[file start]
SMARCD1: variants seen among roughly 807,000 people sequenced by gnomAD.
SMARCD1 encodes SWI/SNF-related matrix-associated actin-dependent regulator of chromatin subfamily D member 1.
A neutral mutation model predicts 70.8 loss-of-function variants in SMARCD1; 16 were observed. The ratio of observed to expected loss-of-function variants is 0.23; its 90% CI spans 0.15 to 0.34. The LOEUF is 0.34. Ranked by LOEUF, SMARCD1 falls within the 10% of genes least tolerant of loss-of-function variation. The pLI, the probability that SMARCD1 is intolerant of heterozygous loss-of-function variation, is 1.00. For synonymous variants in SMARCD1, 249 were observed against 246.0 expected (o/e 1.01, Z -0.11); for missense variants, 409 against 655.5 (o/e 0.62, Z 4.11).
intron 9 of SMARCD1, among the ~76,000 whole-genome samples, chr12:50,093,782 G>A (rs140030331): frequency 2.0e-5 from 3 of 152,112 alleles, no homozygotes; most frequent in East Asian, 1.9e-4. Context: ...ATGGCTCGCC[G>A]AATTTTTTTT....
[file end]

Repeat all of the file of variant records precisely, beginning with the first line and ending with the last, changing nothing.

SMARCD1: variants seen among roughly 807,000 people sequenced by gnomAD.
SMARCD1 encodes SWI/SNF-related matrix-associated actin-dependent regulator of chromatin subfamily D member 1.
A neutral mutation model predicts 70.8 loss-of-function variants in SMARCD1; 16 were observed. The ratio of observed to expected loss-of-function variants is 0.23; its 90% CI spans 0.15 to 0.34. The LOEUF is 0.34. Ranked by LOEUF, SMARCD1 falls within the 10% of genes least tolerant of loss-of-function variation. The pLI, the probability that SMARCD1 is intolerant of heterozygous loss-of-function variation, is 1.00. For synonymous variants in SMARCD1, 249 were observed against 246.0 expected (o/e 1.01, Z -0.11); for missense variants, 409 against 655.5 (o/e 0.62, Z 4.11).
intron 9 of SMARCD1, among the ~76,000 whole-genome samples, chr12:50,093,782 G>A (rs140030331): frequency 2.0e-5 from 3 of 152,112 alleles, no homozygotes; most frequent in East Asian, 1.9e-4. Context: ...ATGGCTCGCC[G>A]AATTTTTTTT....